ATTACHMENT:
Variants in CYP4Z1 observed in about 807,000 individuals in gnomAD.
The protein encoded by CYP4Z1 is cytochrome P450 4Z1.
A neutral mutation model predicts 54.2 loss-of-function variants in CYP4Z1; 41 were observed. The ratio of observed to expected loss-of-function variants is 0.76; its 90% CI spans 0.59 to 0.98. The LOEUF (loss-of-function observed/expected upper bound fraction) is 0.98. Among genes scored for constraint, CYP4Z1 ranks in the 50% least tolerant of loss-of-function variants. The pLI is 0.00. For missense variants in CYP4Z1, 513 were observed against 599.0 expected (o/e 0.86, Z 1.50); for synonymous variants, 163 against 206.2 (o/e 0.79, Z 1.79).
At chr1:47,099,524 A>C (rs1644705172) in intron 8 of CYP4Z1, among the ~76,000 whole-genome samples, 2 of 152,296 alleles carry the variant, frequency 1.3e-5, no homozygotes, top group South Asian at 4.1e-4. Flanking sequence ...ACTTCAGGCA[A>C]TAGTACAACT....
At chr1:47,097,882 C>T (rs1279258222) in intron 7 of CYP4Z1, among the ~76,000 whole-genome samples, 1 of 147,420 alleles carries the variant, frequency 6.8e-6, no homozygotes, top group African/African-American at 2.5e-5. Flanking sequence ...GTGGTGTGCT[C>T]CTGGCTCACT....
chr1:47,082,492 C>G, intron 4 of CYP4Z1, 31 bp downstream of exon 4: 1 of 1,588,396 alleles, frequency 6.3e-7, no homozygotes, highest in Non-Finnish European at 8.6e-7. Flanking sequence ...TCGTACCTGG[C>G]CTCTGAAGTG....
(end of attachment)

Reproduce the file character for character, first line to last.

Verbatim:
Variants in CYP4Z1 observed in about 807,000 individuals in gnomAD.
The protein encoded by CYP4Z1 is cytochrome P450 4Z1.
A neutral mutation model predicts 54.2 loss-of-function variants in CYP4Z1; 41 were observed. The ratio of observed to expected loss-of-function variants is 0.76; its 90% CI spans 0.59 to 0.98. The LOEUF (loss-of-function observed/expected upper bound fraction) is 0.98. Among genes scored for constraint, CYP4Z1 ranks in the 50% least tolerant of loss-of-function variants. The pLI is 0.00. For missense variants in CYP4Z1, 513 were observed against 599.0 expected (o/e 0.86, Z 1.50); for synonymous variants, 163 against 206.2 (o/e 0.79, Z 1.79).
At chr1:47,099,524 A>C (rs1644705172) in intron 8 of CYP4Z1, among the ~76,000 whole-genome samples, 2 of 152,296 alleles carry the variant, frequency 1.3e-5, no homozygotes, top group South Asian at 4.1e-4. Flanking sequence ...ACTTCAGGCA[A>C]TAGTACAACT....
At chr1:47,097,882 C>T (rs1279258222) in intron 7 of CYP4Z1, among the ~76,000 whole-genome samples, 1 of 147,420 alleles carries the variant, frequency 6.8e-6, no homozygotes, top group African/African-American at 2.5e-5. Flanking sequence ...GTGGTGTGCT[C>T]CTGGCTCACT....
chr1:47,082,492 C>G, intron 4 of CYP4Z1, 31 bp downstream of exon 4: 1 of 1,588,396 alleles, frequency 6.3e-7, no homozygotes, highest in Non-Finnish European at 8.6e-7. Flanking sequence ...TCGTACCTGG[C>G]CTCTGAAGTG....